Republicans demanded an unspecified amount of time to review last-minute changes made by Democrats.
Republicans were expected to delay debate until at least Thursday, when Democrats under Senate rules will need at least 60 votes to end debate and proceed to the bill.
However, even once debate begins, Republicans are expected to offer a range of controversial amendments aimed at scuttling the bill.
Daschle also said the Senate would remain in session until the bill is completed ? including cancellation of the Senate?s week-long break for Fourth of July if necessary.
As the debate begins, business groups launched a multimillion dollar advertising campaign warning that Americans could lose their health coverage due to higher premiums. “Employers beware because there is language in this bill that can bankrupt you,”, according to Senator Don Nickles (R-OK).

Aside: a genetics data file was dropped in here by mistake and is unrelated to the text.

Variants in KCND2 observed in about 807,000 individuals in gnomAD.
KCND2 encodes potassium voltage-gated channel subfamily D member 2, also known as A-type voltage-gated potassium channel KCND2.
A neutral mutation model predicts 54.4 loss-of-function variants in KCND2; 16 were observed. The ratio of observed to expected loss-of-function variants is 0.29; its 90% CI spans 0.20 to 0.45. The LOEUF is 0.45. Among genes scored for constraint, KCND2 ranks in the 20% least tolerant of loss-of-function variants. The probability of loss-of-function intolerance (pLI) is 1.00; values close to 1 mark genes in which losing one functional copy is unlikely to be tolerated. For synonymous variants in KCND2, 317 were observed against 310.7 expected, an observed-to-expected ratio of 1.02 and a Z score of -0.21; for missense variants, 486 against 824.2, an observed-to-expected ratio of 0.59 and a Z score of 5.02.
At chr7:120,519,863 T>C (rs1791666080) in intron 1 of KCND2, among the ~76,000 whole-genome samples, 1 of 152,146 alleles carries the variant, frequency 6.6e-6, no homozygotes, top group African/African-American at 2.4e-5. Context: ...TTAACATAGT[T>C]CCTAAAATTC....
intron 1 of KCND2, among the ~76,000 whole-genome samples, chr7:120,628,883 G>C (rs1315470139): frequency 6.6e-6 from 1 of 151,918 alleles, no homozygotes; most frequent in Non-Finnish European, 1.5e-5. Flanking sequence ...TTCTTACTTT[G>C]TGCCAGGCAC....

On the other hand, Democrats argued that the proposed bill would remove the “near-blanket immunity” enjoyed by HMOs.
They said HMOs should be held accountable in court when they deny patients access to specialists or delay needed services. They also insisted that employers would be protected unless they played a direct role in HMO decision making. Senate Majority Leader Daschle attempted to assuage concerns, noting “Small businesses never make treatment decisions, so they would never be sued.”
A House Republican patients’ bill of rights is expected to be introduced by the end of the week, and House members likely will begin considering the measure the week of June 25, according to reports.
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